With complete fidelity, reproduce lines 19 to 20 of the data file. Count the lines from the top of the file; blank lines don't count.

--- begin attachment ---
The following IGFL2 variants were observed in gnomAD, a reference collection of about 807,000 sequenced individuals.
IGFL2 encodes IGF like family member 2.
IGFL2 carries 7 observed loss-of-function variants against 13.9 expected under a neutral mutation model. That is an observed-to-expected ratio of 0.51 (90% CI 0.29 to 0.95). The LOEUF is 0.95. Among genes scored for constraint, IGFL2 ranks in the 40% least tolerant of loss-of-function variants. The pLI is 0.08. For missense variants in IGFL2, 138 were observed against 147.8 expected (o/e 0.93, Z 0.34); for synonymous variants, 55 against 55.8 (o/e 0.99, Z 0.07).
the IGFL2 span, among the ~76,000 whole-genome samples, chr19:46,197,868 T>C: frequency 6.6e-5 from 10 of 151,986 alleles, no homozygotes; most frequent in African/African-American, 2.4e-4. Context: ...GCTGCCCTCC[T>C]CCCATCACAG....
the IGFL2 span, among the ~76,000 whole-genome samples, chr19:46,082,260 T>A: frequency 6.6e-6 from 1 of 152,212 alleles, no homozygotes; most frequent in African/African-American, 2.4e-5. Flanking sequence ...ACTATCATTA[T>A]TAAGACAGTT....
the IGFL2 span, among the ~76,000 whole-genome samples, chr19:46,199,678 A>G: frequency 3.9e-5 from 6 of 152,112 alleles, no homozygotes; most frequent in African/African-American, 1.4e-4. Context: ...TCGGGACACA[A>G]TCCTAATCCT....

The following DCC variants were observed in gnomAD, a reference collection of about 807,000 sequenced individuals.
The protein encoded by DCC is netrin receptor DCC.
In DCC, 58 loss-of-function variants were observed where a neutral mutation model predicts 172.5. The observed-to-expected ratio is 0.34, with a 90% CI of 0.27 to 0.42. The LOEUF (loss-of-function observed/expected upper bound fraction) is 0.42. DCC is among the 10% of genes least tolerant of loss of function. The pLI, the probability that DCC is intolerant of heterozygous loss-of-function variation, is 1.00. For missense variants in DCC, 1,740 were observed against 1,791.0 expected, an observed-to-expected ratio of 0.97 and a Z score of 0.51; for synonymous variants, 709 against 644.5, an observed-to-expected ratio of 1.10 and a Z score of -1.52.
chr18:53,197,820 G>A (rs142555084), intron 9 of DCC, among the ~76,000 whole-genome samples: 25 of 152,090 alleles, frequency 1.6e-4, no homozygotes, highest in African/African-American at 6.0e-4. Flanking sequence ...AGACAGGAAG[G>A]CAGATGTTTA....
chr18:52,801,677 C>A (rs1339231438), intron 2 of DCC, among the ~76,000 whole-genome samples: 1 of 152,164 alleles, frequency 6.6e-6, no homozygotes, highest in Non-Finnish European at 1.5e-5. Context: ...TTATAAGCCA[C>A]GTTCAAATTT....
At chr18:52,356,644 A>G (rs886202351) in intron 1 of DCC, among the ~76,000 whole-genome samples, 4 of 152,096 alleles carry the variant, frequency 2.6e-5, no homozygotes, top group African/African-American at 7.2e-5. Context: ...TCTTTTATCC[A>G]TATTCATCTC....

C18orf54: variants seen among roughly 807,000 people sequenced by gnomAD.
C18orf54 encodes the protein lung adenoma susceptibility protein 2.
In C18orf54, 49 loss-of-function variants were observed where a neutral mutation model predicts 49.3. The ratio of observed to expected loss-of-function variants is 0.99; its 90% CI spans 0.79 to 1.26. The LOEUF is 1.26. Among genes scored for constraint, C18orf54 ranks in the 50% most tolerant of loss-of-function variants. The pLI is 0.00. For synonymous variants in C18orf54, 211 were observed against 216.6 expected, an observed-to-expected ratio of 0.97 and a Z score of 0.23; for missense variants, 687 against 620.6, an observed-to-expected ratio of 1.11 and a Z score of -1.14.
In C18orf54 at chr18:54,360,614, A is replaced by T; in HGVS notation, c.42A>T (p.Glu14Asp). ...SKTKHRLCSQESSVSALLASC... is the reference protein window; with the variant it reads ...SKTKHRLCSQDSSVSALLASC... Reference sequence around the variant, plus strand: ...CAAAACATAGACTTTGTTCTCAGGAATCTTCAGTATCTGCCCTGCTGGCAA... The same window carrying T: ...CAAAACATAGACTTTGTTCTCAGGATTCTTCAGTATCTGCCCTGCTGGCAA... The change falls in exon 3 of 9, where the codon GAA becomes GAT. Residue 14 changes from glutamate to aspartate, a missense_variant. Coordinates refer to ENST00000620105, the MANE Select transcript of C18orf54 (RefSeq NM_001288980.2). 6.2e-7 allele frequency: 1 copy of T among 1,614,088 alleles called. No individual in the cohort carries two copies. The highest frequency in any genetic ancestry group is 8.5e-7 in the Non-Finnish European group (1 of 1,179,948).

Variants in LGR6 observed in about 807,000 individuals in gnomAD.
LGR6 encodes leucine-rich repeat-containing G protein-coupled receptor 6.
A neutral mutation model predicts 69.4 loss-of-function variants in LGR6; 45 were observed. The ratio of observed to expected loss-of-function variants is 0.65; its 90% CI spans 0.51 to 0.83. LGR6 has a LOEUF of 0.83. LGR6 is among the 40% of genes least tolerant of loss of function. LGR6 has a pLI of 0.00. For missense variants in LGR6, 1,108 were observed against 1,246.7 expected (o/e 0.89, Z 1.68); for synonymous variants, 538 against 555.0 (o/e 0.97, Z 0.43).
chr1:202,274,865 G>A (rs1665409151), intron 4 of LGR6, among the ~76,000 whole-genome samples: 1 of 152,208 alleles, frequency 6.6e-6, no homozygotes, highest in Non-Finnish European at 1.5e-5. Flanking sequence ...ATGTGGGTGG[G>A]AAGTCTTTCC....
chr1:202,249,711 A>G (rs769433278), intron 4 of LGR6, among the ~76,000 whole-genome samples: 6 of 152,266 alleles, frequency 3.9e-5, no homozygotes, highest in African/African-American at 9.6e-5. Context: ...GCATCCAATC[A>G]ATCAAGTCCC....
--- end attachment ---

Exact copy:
A neutral mutation model predicts 69.4 loss-of-function variants in LGR6; 45 were observed. The ratio of observed to expected loss-of-function variants is 0.65; its 90% CI spans 0.51 to 0.83. LGR6 has a LOEUF of 0.83. LGR6 is among the 40% of genes least tolerant of loss of function. LGR6 has a pLI of 0.00. For missense variants in LGR6, 1,108 were observed against 1,246.7 expected (o/e 0.89, Z 1.68); for synonymous variants, 538 against 555.0 (o/e 0.97, Z 0.43).
chr1:202,274,865 G>A (rs1665409151), intron 4 of LGR6, among the ~76,000 whole-genome samples: 1 of 152,208 alleles, frequency 6.6e-6, no homozygotes, highest in Non-Finnish European at 1.5e-5. Flanking sequence ...ATGTGGGTGG[G>A]AAGTCTTTCC....